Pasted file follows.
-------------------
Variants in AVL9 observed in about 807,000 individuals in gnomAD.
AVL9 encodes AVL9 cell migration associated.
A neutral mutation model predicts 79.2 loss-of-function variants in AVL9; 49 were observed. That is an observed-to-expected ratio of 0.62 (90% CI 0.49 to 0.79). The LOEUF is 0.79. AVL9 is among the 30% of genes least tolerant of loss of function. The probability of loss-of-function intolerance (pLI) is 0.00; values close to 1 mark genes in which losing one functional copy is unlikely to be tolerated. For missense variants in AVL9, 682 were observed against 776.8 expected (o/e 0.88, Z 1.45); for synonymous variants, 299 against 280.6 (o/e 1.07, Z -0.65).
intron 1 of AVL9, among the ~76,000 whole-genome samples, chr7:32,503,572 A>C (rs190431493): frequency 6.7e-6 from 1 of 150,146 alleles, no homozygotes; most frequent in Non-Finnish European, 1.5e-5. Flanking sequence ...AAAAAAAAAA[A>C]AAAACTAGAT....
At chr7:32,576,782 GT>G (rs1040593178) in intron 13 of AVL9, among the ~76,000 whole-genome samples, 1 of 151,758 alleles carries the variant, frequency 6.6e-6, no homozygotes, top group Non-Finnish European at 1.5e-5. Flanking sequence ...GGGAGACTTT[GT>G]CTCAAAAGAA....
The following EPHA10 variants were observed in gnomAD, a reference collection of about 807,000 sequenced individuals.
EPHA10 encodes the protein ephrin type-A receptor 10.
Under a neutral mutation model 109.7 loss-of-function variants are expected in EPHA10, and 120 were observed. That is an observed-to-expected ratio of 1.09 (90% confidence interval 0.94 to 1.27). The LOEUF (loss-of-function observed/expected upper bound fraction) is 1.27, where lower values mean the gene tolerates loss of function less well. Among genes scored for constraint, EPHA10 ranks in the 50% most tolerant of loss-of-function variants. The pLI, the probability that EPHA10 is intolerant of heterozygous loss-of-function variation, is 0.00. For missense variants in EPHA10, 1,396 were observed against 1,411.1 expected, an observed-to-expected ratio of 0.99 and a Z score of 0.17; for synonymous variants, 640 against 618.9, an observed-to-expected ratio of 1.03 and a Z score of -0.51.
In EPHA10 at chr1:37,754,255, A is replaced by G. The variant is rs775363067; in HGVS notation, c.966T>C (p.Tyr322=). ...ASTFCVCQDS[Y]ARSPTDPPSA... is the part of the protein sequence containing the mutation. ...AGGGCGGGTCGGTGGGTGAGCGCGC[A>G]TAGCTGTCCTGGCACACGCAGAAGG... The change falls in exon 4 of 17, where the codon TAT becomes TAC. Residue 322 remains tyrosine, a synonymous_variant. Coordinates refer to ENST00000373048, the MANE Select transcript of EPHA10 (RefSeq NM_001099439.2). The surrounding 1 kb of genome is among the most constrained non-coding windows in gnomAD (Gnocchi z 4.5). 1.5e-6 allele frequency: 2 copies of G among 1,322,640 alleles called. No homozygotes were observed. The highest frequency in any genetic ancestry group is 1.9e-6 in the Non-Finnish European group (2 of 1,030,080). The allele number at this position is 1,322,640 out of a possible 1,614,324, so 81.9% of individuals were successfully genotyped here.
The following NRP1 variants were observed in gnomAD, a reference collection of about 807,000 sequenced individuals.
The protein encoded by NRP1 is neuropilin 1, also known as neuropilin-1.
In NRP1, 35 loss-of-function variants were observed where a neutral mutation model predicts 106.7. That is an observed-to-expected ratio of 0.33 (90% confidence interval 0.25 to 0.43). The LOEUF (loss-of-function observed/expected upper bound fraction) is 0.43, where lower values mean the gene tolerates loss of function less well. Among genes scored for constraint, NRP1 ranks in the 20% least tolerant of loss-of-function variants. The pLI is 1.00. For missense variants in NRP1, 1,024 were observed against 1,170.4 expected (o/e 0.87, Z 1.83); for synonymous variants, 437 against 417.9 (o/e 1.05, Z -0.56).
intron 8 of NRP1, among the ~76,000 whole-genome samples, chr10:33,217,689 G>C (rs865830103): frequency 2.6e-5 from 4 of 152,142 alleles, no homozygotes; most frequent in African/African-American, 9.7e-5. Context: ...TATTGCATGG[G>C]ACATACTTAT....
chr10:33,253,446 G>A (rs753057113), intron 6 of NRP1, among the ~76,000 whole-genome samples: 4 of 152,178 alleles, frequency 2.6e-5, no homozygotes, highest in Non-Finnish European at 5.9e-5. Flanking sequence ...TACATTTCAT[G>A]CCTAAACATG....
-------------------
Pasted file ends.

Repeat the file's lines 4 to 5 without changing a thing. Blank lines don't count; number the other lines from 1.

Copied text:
intron 1 of AVL9, among the ~76,000 whole-genome samples, chr7:32,503,572 A>C (rs190431493): frequency 6.7e-6 from 1 of 150,146 alleles, no homozygotes; most frequent in Non-Finnish European, 1.5e-5. Flanking sequence ...AAAAAAAAAA[A>C]AAAACTAGAT....
At chr7:32,576,782 GT>G (rs1040593178) in intron 13 of AVL9, among the ~76,000 whole-genome samples, 1 of 151,758 alleles carries the variant, frequency 6.6e-6, no homozygotes, top group Non-Finnish European at 1.5e-5. Flanking sequence ...GGGAGACTTT[GT>G]CTCAAAAGAA....